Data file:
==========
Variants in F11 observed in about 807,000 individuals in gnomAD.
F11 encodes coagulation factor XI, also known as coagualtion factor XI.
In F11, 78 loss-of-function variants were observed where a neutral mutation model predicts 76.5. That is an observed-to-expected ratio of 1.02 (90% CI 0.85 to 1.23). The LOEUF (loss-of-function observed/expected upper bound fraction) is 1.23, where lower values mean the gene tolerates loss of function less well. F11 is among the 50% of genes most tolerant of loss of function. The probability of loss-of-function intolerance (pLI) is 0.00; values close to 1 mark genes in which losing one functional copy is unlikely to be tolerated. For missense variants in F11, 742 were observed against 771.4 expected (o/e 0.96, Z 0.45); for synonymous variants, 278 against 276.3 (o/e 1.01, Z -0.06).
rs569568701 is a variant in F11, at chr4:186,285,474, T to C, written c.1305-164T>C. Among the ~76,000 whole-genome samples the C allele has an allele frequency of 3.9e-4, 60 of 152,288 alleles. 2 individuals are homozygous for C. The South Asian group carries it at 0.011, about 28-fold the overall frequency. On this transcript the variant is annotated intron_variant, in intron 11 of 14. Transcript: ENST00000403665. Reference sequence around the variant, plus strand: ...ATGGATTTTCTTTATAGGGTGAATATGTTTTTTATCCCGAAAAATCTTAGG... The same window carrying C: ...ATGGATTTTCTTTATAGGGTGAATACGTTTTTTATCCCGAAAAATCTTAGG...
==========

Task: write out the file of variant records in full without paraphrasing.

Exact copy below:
Variants in F11 observed in about 807,000 individuals in gnomAD.
F11 encodes coagulation factor XI, also known as coagualtion factor XI.
In F11, 78 loss-of-function variants were observed where a neutral mutation model predicts 76.5. That is an observed-to-expected ratio of 1.02 (90% CI 0.85 to 1.23). The LOEUF (loss-of-function observed/expected upper bound fraction) is 1.23, where lower values mean the gene tolerates loss of function less well. F11 is among the 50% of genes most tolerant of loss of function. The probability of loss-of-function intolerance (pLI) is 0.00; values close to 1 mark genes in which losing one functional copy is unlikely to be tolerated. For missense variants in F11, 742 were observed against 771.4 expected (o/e 0.96, Z 0.45); for synonymous variants, 278 against 276.3 (o/e 1.01, Z -0.06).
rs569568701 is a variant in F11, at chr4:186,285,474, T to C, written c.1305-164T>C. Among the ~76,000 whole-genome samples the C allele has an allele frequency of 3.9e-4, 60 of 152,288 alleles. 2 individuals are homozygous for C. The South Asian group carries it at 0.011, about 28-fold the overall frequency. On this transcript the variant is annotated intron_variant, in intron 11 of 14. Transcript: ENST00000403665. Reference sequence around the variant, plus strand: ...ATGGATTTTCTTTATAGGGTGAATATGTTTTTTATCCCGAAAAATCTTAGG... The same window carrying C: ...ATGGATTTTCTTTATAGGGTGAATACGTTTTTTATCCCGAAAAATCTTAGG...